Second, expectations about the pace of progress need to be kept modest. Whether domestically or externally driven, overly ambitious reform efforts with unrealistically short timeframes-particularly those disturbing established power relations in rural areas and affecting religion, culture, and the role of women-have led to sharp domestic reactions that set back development, sometimes for decades.
Third, the possibility of Afghanistan’s neighbors playing “spoiler” roles and of regional rivalries undermining transition is very real. Historical experience and the current situation in Pakistan indicate that there may be a need to plan around, or at a minimum for contingency planning, with respect to Pakistan for example preventing a meaningful peace agreement with the Taliban. Iran and to a lesser extent other regional countries may also raise issues for the transition. More generally, the Soviet withdrawal period shows both the difficulties in reaching a peaceful solution to a conflict during military withdrawal, and the adverse consequences of failure to do so.
Fourth, Afghanistan’s history has been characterized by chronic succession problems and associated conflict. Indeed not since 1933, and only three times since 1747, was there a smooth succession from one ruler to the next. Of the eight leaders of Afghanistan during 1973-2001, all but one died violent deaths or were ousted/exiled from power. Thus history highlights the challenges associated with the 2014 political transition and underlines the need for effective election preparations and a political strategy to maximize the prospects for smooth elections. If successful and not followed by post-election violence, the next Presidential election would comprise an unprecedented peaceful transfer of government leadership in Afghanistan’s recent history.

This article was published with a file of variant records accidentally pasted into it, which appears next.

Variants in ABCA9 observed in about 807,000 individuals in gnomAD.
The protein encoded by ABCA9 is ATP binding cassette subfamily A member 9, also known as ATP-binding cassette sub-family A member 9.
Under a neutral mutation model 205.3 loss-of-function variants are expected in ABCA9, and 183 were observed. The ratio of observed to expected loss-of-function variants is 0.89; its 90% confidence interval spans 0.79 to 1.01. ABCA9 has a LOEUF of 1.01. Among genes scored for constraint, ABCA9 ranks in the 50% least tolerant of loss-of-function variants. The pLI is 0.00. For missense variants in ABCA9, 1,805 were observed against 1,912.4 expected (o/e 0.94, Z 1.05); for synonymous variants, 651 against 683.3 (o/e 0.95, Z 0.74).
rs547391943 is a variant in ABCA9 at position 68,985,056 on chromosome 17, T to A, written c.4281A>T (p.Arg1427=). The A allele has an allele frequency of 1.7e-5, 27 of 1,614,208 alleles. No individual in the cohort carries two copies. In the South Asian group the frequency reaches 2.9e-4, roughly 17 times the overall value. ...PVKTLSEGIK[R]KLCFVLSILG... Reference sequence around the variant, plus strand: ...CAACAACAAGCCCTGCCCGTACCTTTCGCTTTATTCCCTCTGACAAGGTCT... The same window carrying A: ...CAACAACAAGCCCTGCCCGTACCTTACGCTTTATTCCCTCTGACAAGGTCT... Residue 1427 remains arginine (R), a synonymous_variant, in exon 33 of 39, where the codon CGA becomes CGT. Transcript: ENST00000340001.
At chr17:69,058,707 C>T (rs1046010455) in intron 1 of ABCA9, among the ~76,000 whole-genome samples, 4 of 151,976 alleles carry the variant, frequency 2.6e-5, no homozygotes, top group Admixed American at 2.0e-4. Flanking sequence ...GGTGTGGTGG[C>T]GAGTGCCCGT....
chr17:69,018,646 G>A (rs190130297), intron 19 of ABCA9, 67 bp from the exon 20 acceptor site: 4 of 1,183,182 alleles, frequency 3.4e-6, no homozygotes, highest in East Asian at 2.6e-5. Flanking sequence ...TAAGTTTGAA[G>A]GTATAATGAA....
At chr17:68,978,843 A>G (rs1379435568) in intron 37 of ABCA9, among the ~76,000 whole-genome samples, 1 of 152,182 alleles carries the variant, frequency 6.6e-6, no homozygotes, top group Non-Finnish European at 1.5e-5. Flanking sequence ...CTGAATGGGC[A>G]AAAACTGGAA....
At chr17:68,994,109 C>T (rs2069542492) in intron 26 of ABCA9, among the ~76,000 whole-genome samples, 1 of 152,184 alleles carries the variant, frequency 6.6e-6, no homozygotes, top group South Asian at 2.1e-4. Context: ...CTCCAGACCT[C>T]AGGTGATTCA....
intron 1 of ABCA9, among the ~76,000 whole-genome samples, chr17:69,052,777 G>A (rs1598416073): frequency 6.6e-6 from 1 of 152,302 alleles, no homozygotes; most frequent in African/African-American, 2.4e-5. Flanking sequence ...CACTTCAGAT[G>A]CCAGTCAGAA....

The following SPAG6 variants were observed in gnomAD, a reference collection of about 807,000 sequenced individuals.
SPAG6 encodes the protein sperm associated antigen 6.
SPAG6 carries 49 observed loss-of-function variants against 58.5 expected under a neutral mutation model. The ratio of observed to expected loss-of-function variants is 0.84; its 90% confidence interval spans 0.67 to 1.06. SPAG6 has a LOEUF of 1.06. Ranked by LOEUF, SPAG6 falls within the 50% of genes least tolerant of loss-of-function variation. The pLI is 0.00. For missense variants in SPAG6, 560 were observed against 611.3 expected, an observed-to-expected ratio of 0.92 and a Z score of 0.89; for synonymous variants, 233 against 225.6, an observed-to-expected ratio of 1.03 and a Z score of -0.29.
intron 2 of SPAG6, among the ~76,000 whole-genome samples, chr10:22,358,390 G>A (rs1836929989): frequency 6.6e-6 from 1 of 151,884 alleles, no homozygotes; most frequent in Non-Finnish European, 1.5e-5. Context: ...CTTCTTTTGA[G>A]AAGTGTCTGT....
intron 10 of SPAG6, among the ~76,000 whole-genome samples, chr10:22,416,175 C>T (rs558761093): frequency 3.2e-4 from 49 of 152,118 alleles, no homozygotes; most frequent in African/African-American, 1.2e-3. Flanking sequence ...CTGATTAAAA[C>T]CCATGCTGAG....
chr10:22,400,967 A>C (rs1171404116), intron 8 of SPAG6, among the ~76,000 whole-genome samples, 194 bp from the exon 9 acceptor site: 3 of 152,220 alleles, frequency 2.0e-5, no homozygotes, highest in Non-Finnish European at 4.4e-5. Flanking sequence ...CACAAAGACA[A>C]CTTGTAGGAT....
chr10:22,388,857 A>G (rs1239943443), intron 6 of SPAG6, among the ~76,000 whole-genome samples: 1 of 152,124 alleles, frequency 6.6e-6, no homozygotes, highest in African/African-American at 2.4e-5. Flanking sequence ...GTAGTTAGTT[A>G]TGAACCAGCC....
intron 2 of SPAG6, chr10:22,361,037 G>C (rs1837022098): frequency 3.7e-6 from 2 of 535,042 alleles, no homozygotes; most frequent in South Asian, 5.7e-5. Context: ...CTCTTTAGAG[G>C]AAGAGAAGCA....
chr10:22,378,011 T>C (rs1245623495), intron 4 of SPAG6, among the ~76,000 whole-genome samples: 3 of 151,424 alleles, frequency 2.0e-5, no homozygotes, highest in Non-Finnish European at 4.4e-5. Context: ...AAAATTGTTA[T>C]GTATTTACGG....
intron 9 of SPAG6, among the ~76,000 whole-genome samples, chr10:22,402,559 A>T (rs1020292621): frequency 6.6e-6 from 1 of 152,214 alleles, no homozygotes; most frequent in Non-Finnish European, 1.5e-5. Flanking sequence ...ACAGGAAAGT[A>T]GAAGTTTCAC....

Fifth, the post-Soviet withdrawal period shows the potential and limitations of Afghan security forces: holding onto Kabul and other large cities is probably the most that can be hoped for. Indeed, more risks may be associated with the Afghan National Army during and after the current transition given greater ethnic factionalization; parts of the ANA could fragment or desert earlier rather than later, whereas the post-Soviet Afghan army held together reasonably well until near the end.
Sixth, the Soviet and post-Soviet experience with arming and paying militias suggests that this approach is fraught with danger, risking instability given dependence on payments to militia leaders and exacerbating grievances and drivers of conflict due to predatory behavior of many militias. A “political marketplace” as seen in some African countries, where factionalized and short-term patronage is used for political and security management to hold together different ethnic groups and regional interests, and where deals reached can be-and frequently are-re-opened including through violence, is unstable and does not provide a good foundation for successful transition or sustained political progress.